It is noted that the actual cemento-enamel junction drops slightly from the midpoint of the interproximal surface of the tooth toward the lingual side of the tooth. That portion of the junction is preferably not matched by the dental implant 10, to ease manufacturability and clinical application. Since the top surface of the head portion 12 of the implant 10 is above the bone crest 102 and the majority of the top surface of the head portion 12 (from the mid-buccal to mid-interproximal portion) matches the shape of the cemento-enamel junction, there should not be significant bone resorbtion and resulting recession of the gingival margin. Even if there is some bone resorbtion and gingivus recession, however, it is at the rear of the tooth, which cannot be seen.
If desired, however, the lingual portion of the top surface of the implant could also follow the lingual portion of the cemento-enamel junction of the tooth being replaced.
It is noted that due to natural asymmetries between the right and left sides of certain types of natural teeth, it may be impractical with current manufacturing and implantation methods to exactly match the cemento-enamel junction, even at the buccal portion of a tooth. It is not necessary for the implant of the present invention to match the right-left asymmetries of cemento-enamel junction of a natural tooth, to achieve the advantages of the present invention. However, if the implant is custom designed for a particular tooth and such asymmetry is matched, even better results may be obtained.
While the dental implants and prosthetic teeth of the present invention have been discussed with respect to implantation in the upper jaw, such implants and prosthetic teeth may be used in the lower jaw, as well.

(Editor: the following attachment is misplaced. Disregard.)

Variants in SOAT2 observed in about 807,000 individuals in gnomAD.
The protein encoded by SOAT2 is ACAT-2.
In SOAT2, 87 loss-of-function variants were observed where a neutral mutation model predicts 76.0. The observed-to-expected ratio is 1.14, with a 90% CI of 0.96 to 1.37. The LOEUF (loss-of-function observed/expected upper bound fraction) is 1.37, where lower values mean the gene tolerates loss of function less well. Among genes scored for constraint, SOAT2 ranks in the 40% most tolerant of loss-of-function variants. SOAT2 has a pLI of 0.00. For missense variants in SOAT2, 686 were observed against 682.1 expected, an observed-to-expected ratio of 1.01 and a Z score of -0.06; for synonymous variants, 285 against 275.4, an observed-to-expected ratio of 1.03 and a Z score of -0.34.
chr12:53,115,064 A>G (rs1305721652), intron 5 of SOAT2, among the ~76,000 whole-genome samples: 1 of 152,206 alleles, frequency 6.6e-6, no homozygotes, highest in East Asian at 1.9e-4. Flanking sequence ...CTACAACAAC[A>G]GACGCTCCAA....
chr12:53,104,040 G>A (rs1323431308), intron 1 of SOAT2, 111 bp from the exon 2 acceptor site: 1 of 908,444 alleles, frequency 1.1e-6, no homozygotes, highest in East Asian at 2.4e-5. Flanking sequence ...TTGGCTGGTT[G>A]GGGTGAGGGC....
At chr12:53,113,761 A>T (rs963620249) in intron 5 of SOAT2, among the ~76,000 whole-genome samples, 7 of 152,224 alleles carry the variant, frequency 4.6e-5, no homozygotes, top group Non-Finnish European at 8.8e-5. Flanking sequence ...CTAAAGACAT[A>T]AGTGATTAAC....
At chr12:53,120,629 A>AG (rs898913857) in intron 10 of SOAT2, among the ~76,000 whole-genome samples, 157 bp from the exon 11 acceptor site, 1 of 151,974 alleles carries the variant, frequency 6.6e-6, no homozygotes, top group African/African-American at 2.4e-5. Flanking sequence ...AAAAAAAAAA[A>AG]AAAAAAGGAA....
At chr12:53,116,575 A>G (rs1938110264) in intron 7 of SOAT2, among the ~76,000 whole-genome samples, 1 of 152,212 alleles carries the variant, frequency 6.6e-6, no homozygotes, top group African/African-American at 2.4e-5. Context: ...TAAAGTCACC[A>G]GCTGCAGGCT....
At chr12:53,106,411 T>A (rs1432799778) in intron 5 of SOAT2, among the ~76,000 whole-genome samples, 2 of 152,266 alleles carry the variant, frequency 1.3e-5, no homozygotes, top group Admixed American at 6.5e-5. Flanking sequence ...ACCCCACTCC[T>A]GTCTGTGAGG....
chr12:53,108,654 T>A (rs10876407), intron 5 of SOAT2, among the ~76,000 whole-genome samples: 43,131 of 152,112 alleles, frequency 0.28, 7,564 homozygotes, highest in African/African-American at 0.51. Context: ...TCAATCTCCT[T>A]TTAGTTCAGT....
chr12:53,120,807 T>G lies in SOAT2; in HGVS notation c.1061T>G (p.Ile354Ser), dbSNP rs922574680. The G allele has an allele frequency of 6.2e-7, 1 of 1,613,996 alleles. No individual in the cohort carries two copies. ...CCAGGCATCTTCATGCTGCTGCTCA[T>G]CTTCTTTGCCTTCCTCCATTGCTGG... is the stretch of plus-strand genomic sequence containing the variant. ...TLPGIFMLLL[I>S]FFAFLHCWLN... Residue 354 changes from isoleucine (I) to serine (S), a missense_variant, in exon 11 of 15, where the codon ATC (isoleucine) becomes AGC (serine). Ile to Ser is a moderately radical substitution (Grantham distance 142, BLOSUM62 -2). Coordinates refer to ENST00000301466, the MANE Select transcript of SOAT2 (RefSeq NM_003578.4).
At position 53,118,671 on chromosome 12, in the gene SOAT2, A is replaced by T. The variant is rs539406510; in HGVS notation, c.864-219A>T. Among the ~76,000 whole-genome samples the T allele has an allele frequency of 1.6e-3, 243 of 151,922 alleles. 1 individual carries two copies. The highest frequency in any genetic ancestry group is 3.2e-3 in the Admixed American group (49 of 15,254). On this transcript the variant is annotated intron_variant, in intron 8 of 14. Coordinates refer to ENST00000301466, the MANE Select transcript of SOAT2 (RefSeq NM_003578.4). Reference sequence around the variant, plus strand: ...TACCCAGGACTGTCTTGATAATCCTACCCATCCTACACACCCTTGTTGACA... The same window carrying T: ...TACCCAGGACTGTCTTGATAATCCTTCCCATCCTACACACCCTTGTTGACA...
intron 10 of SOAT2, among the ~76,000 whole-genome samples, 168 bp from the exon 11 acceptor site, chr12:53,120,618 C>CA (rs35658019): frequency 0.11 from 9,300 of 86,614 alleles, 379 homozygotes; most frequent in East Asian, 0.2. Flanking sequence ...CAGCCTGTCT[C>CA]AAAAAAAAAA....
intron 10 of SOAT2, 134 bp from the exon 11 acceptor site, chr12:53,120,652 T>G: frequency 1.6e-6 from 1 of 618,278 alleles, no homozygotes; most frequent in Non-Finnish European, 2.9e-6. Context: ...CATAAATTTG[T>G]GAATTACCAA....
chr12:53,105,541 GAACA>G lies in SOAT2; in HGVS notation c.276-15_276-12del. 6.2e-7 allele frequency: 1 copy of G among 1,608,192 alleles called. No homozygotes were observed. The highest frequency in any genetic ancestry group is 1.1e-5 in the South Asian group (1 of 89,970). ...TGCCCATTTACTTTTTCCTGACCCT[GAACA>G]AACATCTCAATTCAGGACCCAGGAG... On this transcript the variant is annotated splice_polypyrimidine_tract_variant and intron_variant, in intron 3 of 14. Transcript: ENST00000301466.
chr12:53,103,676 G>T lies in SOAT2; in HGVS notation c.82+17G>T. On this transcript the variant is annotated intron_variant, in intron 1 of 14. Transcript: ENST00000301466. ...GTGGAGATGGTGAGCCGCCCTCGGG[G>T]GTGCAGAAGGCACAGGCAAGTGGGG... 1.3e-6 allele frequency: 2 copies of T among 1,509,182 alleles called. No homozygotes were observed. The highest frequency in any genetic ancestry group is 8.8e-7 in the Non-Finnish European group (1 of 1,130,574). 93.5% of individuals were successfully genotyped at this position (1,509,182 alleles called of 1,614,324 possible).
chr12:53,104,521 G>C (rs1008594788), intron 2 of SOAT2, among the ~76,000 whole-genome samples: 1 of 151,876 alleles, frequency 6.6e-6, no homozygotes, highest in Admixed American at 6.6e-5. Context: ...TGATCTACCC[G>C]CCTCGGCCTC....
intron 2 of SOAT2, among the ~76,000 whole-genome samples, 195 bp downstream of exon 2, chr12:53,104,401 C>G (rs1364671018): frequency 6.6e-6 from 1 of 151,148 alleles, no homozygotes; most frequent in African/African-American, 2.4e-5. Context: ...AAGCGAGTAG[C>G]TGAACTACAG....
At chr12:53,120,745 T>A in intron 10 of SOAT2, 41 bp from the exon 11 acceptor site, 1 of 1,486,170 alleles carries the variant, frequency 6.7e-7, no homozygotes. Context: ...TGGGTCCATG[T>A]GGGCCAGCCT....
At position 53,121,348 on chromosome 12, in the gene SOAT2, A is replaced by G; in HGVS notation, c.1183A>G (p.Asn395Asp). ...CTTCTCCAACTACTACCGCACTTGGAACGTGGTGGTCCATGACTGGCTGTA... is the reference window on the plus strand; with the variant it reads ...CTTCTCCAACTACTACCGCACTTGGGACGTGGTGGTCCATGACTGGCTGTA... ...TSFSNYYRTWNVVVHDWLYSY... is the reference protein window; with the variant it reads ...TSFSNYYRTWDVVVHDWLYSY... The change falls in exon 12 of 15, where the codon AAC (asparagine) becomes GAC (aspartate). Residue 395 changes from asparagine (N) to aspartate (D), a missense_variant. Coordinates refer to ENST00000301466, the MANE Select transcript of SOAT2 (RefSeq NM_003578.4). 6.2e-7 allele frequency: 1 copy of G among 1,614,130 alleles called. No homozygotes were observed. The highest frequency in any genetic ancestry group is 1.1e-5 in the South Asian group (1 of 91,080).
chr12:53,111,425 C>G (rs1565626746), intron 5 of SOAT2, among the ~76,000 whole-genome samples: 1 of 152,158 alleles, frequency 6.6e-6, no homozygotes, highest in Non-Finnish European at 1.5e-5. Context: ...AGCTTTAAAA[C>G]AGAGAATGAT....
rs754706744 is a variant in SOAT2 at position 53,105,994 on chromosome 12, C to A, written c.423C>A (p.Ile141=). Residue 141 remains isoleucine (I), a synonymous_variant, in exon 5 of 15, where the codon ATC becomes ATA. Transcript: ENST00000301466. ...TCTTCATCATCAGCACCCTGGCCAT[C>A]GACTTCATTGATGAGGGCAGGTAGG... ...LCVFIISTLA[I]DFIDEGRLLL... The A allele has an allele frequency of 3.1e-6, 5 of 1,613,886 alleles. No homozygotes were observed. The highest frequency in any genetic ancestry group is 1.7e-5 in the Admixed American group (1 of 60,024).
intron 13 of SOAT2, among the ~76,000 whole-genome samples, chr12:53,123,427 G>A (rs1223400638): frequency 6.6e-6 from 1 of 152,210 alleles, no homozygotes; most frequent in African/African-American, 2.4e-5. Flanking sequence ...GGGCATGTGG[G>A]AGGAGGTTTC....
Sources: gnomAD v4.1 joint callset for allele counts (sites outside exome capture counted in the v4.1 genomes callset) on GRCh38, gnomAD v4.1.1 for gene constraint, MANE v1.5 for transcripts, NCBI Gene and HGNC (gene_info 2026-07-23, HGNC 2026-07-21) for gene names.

While preferred embodiments for practicing the present invention have been described above, it is understood that modifications may be made from these preferred embodiments without departing from the scope of the present invention, which is defined by the following claims.
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|USD783825||Feb 5, 2016||Apr 11, 2017||Silvio Franco Emanuelli||Post part for a dental implant|
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|WO2014033375A1||Aug 26, 2013||Mar 6, 2014||Wai Ping Jean-Claude Yeung||Intraosseous implant for dental use, comprising axially tapered blades defining osteo-integration cavities between each other|
|U.S. Classification||433/173, 433/174|
|Cooperative Classification||A61C8/0022, A61C8/0018, A61C8/0077, A61C8/0012, A61C8/0006, A61C8/0013|
|European Classification||A61C8/00C1A, A61C8/00F2, A61C8/00F, A61C8/00E|
|May 3, 2005||CC||Certificate of correction|
|Aug 15, 2008||FPAY||Fee payment|
Year of fee payment: 4
|Oct 1, 2012||REMI||Maintenance fee reminder mailed|
|Feb 15, 2013||LAPS||Lapse for failure to pay maintenance fees|
|Apr 9, 2013||FP||Expired due to failure to pay maintenance fee|
Effective date: 20130215